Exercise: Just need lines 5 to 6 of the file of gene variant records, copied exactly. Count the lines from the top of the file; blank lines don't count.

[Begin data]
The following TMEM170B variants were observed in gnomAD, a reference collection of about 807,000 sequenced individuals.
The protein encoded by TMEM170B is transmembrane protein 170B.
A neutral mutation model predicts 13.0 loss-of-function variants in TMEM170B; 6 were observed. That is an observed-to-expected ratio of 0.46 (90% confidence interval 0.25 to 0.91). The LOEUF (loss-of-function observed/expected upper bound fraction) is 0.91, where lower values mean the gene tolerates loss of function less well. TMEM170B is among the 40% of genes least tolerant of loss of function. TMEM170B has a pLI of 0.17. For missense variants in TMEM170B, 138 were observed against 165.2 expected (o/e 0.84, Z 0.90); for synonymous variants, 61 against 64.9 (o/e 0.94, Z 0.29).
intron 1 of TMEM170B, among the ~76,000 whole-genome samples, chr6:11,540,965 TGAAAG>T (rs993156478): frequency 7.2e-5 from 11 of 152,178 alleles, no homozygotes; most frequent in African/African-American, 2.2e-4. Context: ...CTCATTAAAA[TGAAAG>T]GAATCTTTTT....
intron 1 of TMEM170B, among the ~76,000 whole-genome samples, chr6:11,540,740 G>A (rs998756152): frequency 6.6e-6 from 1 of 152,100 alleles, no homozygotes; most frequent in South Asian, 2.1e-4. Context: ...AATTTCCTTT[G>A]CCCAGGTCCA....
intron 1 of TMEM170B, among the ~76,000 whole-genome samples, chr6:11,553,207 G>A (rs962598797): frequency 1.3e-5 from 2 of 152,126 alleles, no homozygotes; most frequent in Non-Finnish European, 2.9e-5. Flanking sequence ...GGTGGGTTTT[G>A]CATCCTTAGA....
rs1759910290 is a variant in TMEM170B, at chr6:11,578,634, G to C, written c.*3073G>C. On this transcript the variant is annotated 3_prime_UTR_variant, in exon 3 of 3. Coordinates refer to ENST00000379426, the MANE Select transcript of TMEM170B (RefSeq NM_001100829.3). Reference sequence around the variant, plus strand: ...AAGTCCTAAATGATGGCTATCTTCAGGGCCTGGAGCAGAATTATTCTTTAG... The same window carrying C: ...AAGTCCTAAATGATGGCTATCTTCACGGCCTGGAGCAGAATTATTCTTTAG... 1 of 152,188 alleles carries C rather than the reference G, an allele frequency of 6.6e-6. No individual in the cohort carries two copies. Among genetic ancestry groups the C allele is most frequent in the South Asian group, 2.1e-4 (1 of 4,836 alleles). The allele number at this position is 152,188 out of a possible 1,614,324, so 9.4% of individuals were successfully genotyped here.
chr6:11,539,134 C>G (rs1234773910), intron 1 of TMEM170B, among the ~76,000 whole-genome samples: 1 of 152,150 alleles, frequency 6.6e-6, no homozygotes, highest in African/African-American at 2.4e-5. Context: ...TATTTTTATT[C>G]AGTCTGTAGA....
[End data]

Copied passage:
intron 1 of TMEM170B, among the ~76,000 whole-genome samples, chr6:11,540,740 G>A (rs998756152): frequency 6.6e-6 from 1 of 152,100 alleles, no homozygotes; most frequent in South Asian, 2.1e-4. Context: ...AATTTCCTTT[G>A]CCCAGGTCCA....
intron 1 of TMEM170B, among the ~76,000 whole-genome samples, chr6:11,553,207 G>A (rs962598797): frequency 1.3e-5 from 2 of 152,126 alleles, no homozygotes; most frequent in Non-Finnish European, 2.9e-5. Flanking sequence ...GGTGGGTTTT[G>A]CATCCTTAGA....